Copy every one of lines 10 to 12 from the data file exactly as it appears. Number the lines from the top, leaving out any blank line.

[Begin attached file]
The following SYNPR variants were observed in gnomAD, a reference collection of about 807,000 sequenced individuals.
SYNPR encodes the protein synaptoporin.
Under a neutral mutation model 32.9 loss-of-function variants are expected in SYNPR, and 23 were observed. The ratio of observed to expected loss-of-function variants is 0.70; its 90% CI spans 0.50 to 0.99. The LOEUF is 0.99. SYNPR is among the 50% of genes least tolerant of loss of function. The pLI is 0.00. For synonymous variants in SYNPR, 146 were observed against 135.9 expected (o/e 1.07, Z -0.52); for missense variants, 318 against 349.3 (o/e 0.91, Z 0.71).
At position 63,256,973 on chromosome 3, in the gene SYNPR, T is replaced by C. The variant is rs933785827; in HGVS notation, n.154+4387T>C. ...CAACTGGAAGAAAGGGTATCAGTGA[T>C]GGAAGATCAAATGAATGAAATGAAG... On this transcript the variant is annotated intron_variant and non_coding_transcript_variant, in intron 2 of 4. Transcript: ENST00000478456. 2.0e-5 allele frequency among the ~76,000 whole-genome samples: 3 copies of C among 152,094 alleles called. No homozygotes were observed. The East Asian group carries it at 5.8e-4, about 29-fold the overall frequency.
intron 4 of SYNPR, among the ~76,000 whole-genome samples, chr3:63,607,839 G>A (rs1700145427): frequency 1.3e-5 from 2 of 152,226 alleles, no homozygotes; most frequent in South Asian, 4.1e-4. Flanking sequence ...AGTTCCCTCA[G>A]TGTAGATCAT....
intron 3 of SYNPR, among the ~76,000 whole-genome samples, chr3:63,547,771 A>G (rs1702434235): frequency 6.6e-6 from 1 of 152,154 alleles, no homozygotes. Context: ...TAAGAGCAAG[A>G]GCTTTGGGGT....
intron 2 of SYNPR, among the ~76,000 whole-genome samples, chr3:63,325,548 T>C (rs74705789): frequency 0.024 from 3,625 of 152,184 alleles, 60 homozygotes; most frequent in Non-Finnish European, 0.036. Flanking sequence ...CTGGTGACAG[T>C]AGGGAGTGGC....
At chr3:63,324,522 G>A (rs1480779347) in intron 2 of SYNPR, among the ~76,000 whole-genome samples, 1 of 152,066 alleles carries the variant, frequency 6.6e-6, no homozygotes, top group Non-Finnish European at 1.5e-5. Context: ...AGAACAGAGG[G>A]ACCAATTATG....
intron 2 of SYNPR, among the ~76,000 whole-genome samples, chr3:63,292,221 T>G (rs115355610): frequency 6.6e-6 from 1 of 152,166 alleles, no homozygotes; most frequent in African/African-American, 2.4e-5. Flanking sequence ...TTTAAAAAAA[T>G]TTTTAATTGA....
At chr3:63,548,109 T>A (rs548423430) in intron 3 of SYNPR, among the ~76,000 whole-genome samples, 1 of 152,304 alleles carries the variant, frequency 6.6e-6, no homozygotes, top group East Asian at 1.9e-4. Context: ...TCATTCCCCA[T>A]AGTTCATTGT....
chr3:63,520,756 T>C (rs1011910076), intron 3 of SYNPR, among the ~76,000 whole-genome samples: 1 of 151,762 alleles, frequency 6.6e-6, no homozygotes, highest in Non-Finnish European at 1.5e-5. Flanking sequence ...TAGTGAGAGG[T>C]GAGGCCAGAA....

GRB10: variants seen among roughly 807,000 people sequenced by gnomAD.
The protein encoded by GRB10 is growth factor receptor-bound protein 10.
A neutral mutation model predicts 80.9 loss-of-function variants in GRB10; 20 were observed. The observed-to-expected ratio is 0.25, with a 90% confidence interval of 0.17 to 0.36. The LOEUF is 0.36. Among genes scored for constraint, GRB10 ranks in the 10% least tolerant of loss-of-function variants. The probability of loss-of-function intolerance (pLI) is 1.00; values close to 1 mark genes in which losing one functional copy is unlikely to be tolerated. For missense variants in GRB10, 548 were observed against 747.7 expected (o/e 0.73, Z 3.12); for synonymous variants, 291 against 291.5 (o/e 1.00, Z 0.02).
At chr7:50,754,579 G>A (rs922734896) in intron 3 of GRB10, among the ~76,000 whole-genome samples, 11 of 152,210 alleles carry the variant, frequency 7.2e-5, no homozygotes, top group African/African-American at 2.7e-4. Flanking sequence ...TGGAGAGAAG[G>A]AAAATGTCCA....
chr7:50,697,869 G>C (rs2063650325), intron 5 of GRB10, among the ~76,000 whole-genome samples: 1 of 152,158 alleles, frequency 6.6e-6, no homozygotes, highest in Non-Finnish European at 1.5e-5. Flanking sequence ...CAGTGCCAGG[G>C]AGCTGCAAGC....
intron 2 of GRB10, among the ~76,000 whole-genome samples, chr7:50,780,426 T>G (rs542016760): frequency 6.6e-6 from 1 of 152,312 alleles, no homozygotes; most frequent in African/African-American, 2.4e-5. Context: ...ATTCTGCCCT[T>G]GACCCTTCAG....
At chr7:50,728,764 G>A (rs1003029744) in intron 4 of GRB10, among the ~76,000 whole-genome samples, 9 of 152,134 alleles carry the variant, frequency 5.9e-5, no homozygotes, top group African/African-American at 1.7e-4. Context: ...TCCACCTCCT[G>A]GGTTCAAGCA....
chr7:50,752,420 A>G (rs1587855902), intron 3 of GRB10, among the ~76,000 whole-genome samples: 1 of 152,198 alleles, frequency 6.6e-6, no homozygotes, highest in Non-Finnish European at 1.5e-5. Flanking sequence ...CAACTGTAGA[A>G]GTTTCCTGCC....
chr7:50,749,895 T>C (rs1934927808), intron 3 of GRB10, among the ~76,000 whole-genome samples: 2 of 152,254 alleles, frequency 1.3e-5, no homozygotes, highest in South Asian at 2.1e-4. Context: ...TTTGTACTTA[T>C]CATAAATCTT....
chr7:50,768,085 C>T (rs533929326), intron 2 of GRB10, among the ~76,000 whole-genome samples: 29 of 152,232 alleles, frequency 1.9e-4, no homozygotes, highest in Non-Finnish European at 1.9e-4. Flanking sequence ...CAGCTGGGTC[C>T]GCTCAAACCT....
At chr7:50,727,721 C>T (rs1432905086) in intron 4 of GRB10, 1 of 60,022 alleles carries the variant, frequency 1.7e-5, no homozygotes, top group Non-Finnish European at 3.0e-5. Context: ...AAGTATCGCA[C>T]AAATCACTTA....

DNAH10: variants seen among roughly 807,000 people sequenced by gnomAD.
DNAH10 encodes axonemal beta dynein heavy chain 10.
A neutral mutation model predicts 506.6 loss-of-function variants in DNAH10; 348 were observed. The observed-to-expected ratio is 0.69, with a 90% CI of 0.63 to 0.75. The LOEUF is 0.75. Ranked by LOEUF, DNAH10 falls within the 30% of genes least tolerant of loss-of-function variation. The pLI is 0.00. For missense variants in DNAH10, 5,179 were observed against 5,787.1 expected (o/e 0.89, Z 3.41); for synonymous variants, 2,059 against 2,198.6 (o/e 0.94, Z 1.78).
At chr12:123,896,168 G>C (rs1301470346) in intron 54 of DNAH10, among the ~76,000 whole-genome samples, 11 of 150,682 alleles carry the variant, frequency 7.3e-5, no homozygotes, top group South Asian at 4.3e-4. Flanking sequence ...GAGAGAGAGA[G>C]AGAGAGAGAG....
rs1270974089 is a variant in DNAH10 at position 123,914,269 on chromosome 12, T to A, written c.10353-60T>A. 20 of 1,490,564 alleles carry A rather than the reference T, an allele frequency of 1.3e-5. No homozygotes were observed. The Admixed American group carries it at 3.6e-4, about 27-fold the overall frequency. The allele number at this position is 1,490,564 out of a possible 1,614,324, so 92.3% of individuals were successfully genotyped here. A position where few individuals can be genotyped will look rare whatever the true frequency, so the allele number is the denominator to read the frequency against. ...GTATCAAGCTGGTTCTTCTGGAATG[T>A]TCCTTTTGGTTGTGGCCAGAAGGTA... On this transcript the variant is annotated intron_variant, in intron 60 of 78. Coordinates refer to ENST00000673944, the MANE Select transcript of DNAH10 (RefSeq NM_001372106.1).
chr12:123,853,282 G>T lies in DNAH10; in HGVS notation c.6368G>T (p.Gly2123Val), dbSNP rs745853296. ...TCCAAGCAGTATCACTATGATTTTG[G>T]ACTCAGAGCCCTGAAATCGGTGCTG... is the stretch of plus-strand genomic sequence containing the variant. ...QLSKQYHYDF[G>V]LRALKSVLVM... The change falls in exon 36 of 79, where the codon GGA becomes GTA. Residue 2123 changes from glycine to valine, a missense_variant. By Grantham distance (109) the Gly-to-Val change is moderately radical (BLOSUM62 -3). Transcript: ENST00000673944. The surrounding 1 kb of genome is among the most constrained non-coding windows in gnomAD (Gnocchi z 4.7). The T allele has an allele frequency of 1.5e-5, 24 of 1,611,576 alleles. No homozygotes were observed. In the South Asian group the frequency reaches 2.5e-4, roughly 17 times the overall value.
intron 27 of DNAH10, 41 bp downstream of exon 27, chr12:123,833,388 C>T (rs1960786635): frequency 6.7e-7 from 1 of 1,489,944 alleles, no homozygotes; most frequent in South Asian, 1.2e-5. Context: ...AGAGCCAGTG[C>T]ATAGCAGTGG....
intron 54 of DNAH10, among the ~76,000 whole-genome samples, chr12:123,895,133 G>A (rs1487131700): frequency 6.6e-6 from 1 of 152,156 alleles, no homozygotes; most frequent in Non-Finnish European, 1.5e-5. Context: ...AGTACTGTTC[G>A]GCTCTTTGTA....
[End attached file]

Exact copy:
At chr3:63,548,109 T>A (rs548423430) in intron 3 of SYNPR, among the ~76,000 whole-genome samples, 1 of 152,304 alleles carries the variant, frequency 6.6e-6, no homozygotes, top group East Asian at 1.9e-4. Context: ...TCATTCCCCA[T>A]AGTTCATTGT....
chr3:63,520,756 T>C (rs1011910076), intron 3 of SYNPR, among the ~76,000 whole-genome samples: 1 of 151,762 alleles, frequency 6.6e-6, no homozygotes, highest in Non-Finnish European at 1.5e-5. Flanking sequence ...TAGTGAGAGG[T>C]GAGGCCAGAA....

GRB10: variants seen among roughly 807,000 people sequenced by gnomAD.